Enforce county codes
I am delighted that city of Tampa code enforcement has decided to take a proactive role in cleaning up blighted areas. Too bad the county doesn't feel so inclined.
With all the abandoned homes here in Brandon, there are derelict pools, overgrown lawns and dangerous dead trees in abundance. Numerous reports made to the county fall on deaf ears. Emails to code enforcement officials are met with replies of how understaffed and overworked they are. Reports made to open code violation cases are closed the day after filing.
I guess they use the county's drone airplanes to satisfy themselves that the code violations are without merit. One wonders exactly what they do at Hillsborough County Code Enforcement.
As a proud resident of Tampa's historic Seminole Heights neighborhood, as well as a home renter in this redeveloping area, I've been carefully observing the ongoing conflict and unfortunate housing issues surrounding local businessman Hoe Brown.
Regarding Brown's lapse of judgment on how he oversaw his rental properties, it was, by his own admission, inappropriate, which ultimately caused him to be thrust into the media spotlight and brought about his unfortunate resignation from the Tampa Port Authority board, where he had served with distinction.
However, with the media's seemingly ongoing effort to paint Brown as the "evil villain," I ask your paper, as well as those who have cast Brown in the same light, to consider there is a much broader issue that relates to this overall problem and shouldn't be placed on his shoulders entirely.
Judging from the photos, it's an unfortunate fact some individuals obviously have forgotten some old basic lessons of how to keep themselves sanitary, as well as maintain a clean house, regardless of the physical status of their environment. Was it Brown's personal responsibility to be their housekeepers? Despite their personal economic plight, they're adults, and they should know better, or you would want to believe so.
I'm not defending Brown. But it is my contention that he took the matter very seriously and is making the necessary changes to resolve the problem.
We should realize that if the disgusting and ghastly results from just one day of the mayor's clean sweep is any indication, this problem is far more pervasive than just one landlord. And as for the "rah-rah" statement from Mayor Buckhorn, perhaps the "going in, kicking butt and taking names" should be directed to our code enforcement division and city council for not finding the legal teeth and additional manpower needed to keep our city clean.
TampaWhy non-English ballots?
I read "How Hillsborough tripped on the Voting Rights Act" (Views, July 21), and I'm confused. Only U.S. citizens are eligible to vote in our elections. The published criteria for naturalization requires that: "In general, applicants for naturalization must demonstrate an understanding of the English language, including an ability to read, write, and speak words in ordinary usage." So, why should it be necessary for Hillsborough County or any other entity to print ballots in other than English?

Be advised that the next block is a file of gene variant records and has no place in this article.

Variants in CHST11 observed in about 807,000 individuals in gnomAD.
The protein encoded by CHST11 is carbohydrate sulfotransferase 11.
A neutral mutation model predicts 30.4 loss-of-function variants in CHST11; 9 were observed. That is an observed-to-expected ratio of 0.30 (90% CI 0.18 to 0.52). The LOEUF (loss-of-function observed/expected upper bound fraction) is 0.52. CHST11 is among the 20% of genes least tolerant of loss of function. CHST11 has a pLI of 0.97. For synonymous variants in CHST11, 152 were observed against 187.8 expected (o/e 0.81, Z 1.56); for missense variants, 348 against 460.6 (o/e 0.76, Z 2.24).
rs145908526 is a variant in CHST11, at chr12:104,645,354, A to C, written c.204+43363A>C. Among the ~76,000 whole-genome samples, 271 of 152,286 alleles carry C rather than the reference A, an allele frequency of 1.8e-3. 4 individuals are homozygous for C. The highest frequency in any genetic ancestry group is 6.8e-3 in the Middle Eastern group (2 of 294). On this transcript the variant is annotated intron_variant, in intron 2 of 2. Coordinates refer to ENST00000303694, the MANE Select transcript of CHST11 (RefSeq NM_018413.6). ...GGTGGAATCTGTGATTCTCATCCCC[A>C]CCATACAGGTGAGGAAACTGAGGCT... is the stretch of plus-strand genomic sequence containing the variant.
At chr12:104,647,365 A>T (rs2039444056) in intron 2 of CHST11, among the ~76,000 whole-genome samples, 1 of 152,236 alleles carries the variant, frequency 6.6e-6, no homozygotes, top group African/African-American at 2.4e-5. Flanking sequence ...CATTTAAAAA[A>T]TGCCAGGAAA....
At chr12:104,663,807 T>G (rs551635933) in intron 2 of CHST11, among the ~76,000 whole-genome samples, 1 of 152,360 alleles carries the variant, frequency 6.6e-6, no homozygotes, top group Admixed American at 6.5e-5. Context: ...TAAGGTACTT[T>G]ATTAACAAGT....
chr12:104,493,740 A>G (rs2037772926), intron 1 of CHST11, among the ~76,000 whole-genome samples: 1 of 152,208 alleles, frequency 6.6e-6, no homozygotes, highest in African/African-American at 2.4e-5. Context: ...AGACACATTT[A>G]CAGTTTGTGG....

John S.V. Weiss
On road to Detroit?
Is our nation heading toward Detroit and possible bankruptcy if the federal government does not stop borrowing more money?
Detroit was booming in the 1960s, but last week was forced to file bankruptcy, as it is $19 billion in debt. The 20,000 city workers are expecting their pensions to be paid in full but have been told there will be cuts down the road. Municipal bondholders will be the losers, as they are holding approximately $10 billion of the debt.
The workers in Detroit are also the losers, as 12 million vehicles were made in China by GM last year instead of being made in Detroit. Outsourcing has consequences, but our government has made no move to equalize the playing field with China.
Michigan Gov. Rick Snyder admitted Detroit has ignored its problems for too long, and there was no choice but to limit pension payments. Does this sound familiar? The U.S. government is in debt $17 trillion and is still continuing to borrow money. Not only is it borrowing money, the Federal Reserve is printing $85 billion per month to pump up the economy. The value of our dollar is decreasing, and we can't do anything to stop them.
Our government has taken money from our Social Security Trust Fund to the tune of billions of dollars, and all we have are worthless IOUs in a lockbox. And President Obama is once again going to ask Congress to raise the debt ceiling sometime this year. The answer should be not now and not ever. If they have to close down the government to keep it from borrowing more money, so be it.
Our only hope is to elect conservatives in 2014 who will refuse to board Obama's runaway train toward bankruptcy.
Who's to blame?
It's a sad state of affairs when the judicial system and the laws are more harsh for a dog that bites than they are for violent career criminals. A dog bites someone and is labeled a dangerous dog. If he bites again, he is euthanized.
Four good people would be alive today - two Tampa police officers, a clerk at a 7-11 and the manager of a Family Dollar Store - if three killers had been in prison. All three criminals have rap sheets longer than your arm, yet the courts slap their hands and set them free after serving minor sentences.
Lions and tigers are kept behind bars for the public's safety, and the same should apply to all violent criminals. How many good people need to die before things change? Who's to blame - the laws or the judges giving lenient sentences?
LutzBoth sides presented
Thank you for publishing a fair-sided article ("Civility, bullying and same-sex marriage," Views, July 14). As pointed out in the article, disagreement with your opponents does not make you phobic about anything. Otherwise, any traditional marriage would be considered packed full of phobias (a little humor!). Thank you again for printing both sides of the issues.